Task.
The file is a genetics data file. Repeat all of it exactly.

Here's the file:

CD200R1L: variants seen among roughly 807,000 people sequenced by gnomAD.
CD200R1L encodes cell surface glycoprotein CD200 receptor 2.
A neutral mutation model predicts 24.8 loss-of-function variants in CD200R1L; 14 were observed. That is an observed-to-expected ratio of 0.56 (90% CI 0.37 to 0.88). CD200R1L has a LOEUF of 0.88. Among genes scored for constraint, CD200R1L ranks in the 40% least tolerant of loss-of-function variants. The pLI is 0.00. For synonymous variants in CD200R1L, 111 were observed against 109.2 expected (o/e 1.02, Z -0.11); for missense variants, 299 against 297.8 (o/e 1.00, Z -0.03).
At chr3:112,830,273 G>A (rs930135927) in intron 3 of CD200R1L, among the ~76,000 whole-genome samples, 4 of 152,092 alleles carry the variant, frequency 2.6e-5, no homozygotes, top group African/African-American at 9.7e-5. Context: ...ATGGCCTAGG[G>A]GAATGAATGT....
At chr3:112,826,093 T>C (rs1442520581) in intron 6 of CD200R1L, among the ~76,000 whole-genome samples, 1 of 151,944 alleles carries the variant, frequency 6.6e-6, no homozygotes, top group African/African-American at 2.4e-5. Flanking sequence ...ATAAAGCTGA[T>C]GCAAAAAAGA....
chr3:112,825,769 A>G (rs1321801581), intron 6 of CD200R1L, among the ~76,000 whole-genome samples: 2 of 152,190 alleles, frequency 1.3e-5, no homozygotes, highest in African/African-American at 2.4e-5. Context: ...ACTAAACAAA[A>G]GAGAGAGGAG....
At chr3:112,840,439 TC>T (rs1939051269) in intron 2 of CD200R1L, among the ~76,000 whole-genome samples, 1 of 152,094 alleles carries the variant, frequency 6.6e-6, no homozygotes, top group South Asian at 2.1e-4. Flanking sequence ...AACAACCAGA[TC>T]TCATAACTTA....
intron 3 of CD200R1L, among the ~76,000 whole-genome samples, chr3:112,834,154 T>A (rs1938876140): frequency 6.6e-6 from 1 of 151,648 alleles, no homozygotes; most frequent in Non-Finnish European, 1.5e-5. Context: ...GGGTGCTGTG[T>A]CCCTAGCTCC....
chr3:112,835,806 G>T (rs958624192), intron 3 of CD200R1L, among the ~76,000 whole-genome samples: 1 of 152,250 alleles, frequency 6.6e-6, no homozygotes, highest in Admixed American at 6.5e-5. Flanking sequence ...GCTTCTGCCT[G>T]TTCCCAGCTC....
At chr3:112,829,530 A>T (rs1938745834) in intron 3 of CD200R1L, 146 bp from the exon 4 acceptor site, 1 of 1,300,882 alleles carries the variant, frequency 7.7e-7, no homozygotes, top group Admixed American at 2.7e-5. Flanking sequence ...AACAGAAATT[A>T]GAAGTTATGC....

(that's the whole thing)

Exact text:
CD200R1L: variants seen among roughly 807,000 people sequenced by gnomAD.
CD200R1L encodes cell surface glycoprotein CD200 receptor 2.
A neutral mutation model predicts 24.8 loss-of-function variants in CD200R1L; 14 were observed. That is an observed-to-expected ratio of 0.56 (90% CI 0.37 to 0.88). CD200R1L has a LOEUF of 0.88. Among genes scored for constraint, CD200R1L ranks in the 40% least tolerant of loss-of-function variants. The pLI is 0.00. For synonymous variants in CD200R1L, 111 were observed against 109.2 expected (o/e 1.02, Z -0.11); for missense variants, 299 against 297.8 (o/e 1.00, Z -0.03).
At chr3:112,830,273 G>A (rs930135927) in intron 3 of CD200R1L, among the ~76,000 whole-genome samples, 4 of 152,092 alleles carry the variant, frequency 2.6e-5, no homozygotes, top group African/African-American at 9.7e-5. Context: ...ATGGCCTAGG[G>A]GAATGAATGT....
At chr3:112,826,093 T>C (rs1442520581) in intron 6 of CD200R1L, among the ~76,000 whole-genome samples, 1 of 151,944 alleles carries the variant, frequency 6.6e-6, no homozygotes, top group African/African-American at 2.4e-5. Flanking sequence ...ATAAAGCTGA[T>C]GCAAAAAAGA....
chr3:112,825,769 A>G (rs1321801581), intron 6 of CD200R1L, among the ~76,000 whole-genome samples: 2 of 152,190 alleles, frequency 1.3e-5, no homozygotes, highest in African/African-American at 2.4e-5. Context: ...ACTAAACAAA[A>G]GAGAGAGGAG....
At chr3:112,840,439 TC>T (rs1939051269) in intron 2 of CD200R1L, among the ~76,000 whole-genome samples, 1 of 152,094 alleles carries the variant, frequency 6.6e-6, no homozygotes, top group South Asian at 2.1e-4. Flanking sequence ...AACAACCAGA[TC>T]TCATAACTTA....
intron 3 of CD200R1L, among the ~76,000 whole-genome samples, chr3:112,834,154 T>A (rs1938876140): frequency 6.6e-6 from 1 of 151,648 alleles, no homozygotes; most frequent in Non-Finnish European, 1.5e-5. Context: ...GGGTGCTGTG[T>A]CCCTAGCTCC....
chr3:112,835,806 G>T (rs958624192), intron 3 of CD200R1L, among the ~76,000 whole-genome samples: 1 of 152,250 alleles, frequency 6.6e-6, no homozygotes, highest in Admixed American at 6.5e-5. Flanking sequence ...GCTTCTGCCT[G>T]TTCCCAGCTC....
At chr3:112,829,530 A>T (rs1938745834) in intron 3 of CD200R1L, 146 bp from the exon 4 acceptor site, 1 of 1,300,882 alleles carries the variant, frequency 7.7e-7, no homozygotes, top group Admixed American at 2.7e-5. Flanking sequence ...AACAGAAATT[A>T]GAAGTTATGC....